Tech Overview

Network Structure

The Plabs network can be divided into three main parts: - Core - Mesh - Roadwarrior

Core

The core network is a static network based on GRE in IPsec that connects all the core servers of Plabs. Core servers provide an bootstrap point for subnet routers and host the most important services of Plabs (such as DNS, email and git) in a fail-proof manner.

Subnet Router

Every subnet router (spoke) first connects to every reachable core server. After this initial connection, it will start connections between subnet routers (spoke to spoke) on demand if possible.

Roadwarrior

While on the go, you can connect to Plabs as a so called roadwarrior. As the roadwarrior config consists of purely an IPsec connection in tunnel mode without any need for additional software apart from the IPsec daemon, it is ideally suited for mobile devices with limited system access. Tunnel mode is used in this case because the level of access to the device’s network stack isn’t as deep as the one required by transport mode which would prevent it to run on devices like Android smartphones that don’t expose interfaces needed for transport mode for security reasons.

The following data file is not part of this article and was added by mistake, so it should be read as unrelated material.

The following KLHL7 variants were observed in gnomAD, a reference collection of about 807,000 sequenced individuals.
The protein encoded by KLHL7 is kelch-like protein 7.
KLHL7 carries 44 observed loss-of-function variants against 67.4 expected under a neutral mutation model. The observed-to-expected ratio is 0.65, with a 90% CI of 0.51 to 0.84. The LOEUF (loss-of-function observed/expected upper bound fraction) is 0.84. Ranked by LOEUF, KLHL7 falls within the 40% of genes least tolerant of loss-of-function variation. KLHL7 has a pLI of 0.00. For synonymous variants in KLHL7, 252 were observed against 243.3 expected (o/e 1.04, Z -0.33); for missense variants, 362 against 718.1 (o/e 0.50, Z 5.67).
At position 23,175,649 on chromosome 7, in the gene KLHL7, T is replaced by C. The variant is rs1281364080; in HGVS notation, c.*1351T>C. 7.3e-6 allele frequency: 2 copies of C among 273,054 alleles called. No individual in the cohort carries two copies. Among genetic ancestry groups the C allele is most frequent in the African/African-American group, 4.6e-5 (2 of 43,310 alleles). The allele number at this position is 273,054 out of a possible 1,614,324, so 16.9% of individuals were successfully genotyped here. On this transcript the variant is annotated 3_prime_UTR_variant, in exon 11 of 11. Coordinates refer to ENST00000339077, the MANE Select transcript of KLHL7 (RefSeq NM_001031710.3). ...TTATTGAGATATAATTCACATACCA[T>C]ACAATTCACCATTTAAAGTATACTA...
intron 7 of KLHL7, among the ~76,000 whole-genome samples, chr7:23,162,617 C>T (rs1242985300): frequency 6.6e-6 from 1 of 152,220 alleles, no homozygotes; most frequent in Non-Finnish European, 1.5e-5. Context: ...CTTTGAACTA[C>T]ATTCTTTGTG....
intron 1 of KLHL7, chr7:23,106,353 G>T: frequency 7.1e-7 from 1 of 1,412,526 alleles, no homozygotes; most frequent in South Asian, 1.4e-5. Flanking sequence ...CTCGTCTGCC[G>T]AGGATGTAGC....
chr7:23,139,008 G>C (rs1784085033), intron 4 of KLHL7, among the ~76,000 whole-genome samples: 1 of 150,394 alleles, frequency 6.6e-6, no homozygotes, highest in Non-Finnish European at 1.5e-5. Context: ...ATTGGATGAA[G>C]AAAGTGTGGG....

Routing and Next Hop Resolution

OSPF was chosen as a routing protocol because it scales very well, has good free implementations and fits the rather dynamic structure of Plabs. To resolve the next hop for the shortest possible route to a packet’s destination, NHRP in conjunction with a small tool called desist is used. This tool in form of what can be described as an “updown-script” for OpenNHRP is used to dynamically start spoke to spoke connection whenever this provides a shorter path to the desired target. In the long run this combination of OpenNHRP and desist will be replaced as OpenNHRP doesn’t and probably never will support IPv6.